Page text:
How to ride the chairlift.
Once you’re comfortable with skating, straight glides and j-turns, you’re ready to take the chairlift. Riding the lift can be a massive source of fear for beginners. And it’s no wonder, what with being 30 feet in the air and the possibility of crashing into the innocent bi-standards sitting beside you. But don’t worry, riding the chairlift is something you already know how to do.
Successful chairlift riding involves 4 movements you already know:
If you’re a loyal fan of SnowProfessor.com, you should have already perfected Skating and J-turns. That leaves us will sitting and standing.
Step 1: Practice sitting
Though similar to sitting on the sofa, there are a few variables to consider. You’ll have your front foot strapped into your snowboard, so your leg will be turned sideways. Stand in front of a chair at home and turn your front foot 90 degrees. Now look behind you at the chair and slowly lower to sit. Instead of planting your entire ass on the seat, you’ll touch down with one cheek first – the cheek over your back leg. Once you touch-down, shift your weight so your whole butt is resting on the chair and scoot back.
Step 2: Practice standing up
Using the same chair, rotate your front foot 90 degrees, scootch toward the edge of the chair and roll up on one bun – the cheek of your back leg. Let your back foot just dangle (your front leg will be doing most of the work). Use your arms to push out of the chair (kinda like your 90-year old grandpa getting up) and, when ready, place your back foot on your imaginary stomp pad and coast away.
Step 3: Know chairlift etiquette
Follow the local lift line rules and be courteous. Don’t bash your board against the person in front and, please dear god, alternate. Taking turns will make the whole line go faster. It’s always a good practice to lower the high-back of your back binding. This prevents it from being crushed by the chairlift when you sit down. It only takes a second, but it might save you an annoying and expensive repair.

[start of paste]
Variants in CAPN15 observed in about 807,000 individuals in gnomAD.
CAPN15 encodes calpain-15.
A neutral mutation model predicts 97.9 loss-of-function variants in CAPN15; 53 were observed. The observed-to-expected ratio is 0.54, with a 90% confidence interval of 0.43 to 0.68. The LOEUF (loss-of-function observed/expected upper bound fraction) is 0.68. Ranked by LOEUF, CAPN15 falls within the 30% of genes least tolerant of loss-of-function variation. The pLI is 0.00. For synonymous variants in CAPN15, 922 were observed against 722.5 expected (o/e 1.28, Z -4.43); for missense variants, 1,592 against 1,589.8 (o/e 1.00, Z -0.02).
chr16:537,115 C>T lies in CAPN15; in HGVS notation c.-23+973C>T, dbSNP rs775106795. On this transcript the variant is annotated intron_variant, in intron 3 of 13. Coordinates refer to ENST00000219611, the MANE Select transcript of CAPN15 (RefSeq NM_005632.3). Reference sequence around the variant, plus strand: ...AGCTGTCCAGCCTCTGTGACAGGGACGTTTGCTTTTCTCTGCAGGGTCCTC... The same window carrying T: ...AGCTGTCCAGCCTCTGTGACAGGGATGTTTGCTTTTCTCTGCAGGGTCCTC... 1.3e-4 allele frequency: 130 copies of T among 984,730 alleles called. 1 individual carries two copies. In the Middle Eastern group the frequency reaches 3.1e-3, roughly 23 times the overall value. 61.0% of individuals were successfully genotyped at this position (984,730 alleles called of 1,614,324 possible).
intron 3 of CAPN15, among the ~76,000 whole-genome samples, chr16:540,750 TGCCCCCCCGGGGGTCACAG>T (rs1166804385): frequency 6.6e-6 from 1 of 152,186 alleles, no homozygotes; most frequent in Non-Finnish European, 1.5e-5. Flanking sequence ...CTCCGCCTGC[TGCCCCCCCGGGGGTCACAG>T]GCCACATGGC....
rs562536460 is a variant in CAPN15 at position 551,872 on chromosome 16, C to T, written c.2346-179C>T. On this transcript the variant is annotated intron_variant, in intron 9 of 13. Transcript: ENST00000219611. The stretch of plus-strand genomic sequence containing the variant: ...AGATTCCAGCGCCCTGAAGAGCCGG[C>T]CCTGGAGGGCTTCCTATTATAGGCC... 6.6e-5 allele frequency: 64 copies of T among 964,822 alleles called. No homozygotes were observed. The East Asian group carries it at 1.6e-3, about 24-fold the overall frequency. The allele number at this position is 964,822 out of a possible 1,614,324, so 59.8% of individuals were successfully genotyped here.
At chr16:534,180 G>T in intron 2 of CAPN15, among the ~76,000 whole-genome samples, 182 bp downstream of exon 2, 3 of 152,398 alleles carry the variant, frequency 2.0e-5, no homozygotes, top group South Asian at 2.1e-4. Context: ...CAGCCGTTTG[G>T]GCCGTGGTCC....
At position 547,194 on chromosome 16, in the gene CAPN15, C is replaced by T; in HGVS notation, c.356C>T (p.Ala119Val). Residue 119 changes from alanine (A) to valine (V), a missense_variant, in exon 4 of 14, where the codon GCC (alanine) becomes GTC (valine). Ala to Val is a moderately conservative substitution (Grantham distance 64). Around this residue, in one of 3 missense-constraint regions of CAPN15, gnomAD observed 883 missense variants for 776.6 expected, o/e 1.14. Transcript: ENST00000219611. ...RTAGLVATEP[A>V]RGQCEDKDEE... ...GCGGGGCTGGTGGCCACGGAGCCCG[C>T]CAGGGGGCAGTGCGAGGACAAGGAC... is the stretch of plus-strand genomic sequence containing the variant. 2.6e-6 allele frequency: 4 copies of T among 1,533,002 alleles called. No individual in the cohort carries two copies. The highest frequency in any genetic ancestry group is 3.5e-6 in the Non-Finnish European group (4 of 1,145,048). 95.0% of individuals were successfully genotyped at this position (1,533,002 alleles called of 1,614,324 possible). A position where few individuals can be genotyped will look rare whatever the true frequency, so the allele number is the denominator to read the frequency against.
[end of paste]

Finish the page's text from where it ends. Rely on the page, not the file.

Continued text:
Step 4: Load the chairlift
When you approach the loading area, watch the people in front of you. Right when the chair passes you, skate forward and stop at the “Load Here” sign. Just move at a normal, calm pace. You don’t need to rush, but you don’t want to dawdle either. Turn to look at the chair approaching from behind. Just like you practiced inside, lower onto one cheek first then scootch to the back of the chair. It’s totally okay to put your arm over the chair to help you get on.
Step 5: Riding the chair
Riding the chair is pretty much just sitting…but with a 15 pound weight on your leg. Lower the safety-bar and get comfy. You can take the load off your front foot by resting your board on your back-leg.
Step 6: Get off the chairlift
When you approach the top, point your snowboard straight and keep your tip up. When the snowboard makes contact with the snow, roll to one cheek and use your arms to rise off the chair (just like getting off the couch). Rest your back foot on the stomp pad and coast away. Use a J-turn if you need to turn, but don’t try to stop by dragging your foot in the snow. You will do the splits, and no one wants that.
- Stay calm. Stand-up and stay still until you naturally come to a stop
- Don’t try to stop yourself. Use a relaxed J-Turn if you need to maneuver around an obstacle
- Keep your foot on your stomp pad (don’t try to stop by dragging it in the snow)
- Don’t worry about the people sitting beside you. Let them know you are a beginner and they should politely stay out of your way
Drills that help if you fall when getting off the chairlift
If you do crash when getting off the lift, here are some drills to smooth things out. Head to the bunny hill and practice J-Turns that start off with a distraction—just like when you ride the chairlift.
- Sit on the snow with just your front foot strapped in. Stand up and quickly turn your board down-hill into a J-turn.
- Start while squatting down, then rise up into a J-turn.
- Hop then do a J-turn
- Raise and lower your back leg a couple times while doing a j-turn
Though it can be a little intimidating, riding the chairlift is easy because you pretty much already know how. Plus, it’s much easier than hiking and opens the door to learn all sorts of new skills, like garlands and turning.
Next step: Get up, Start & Stop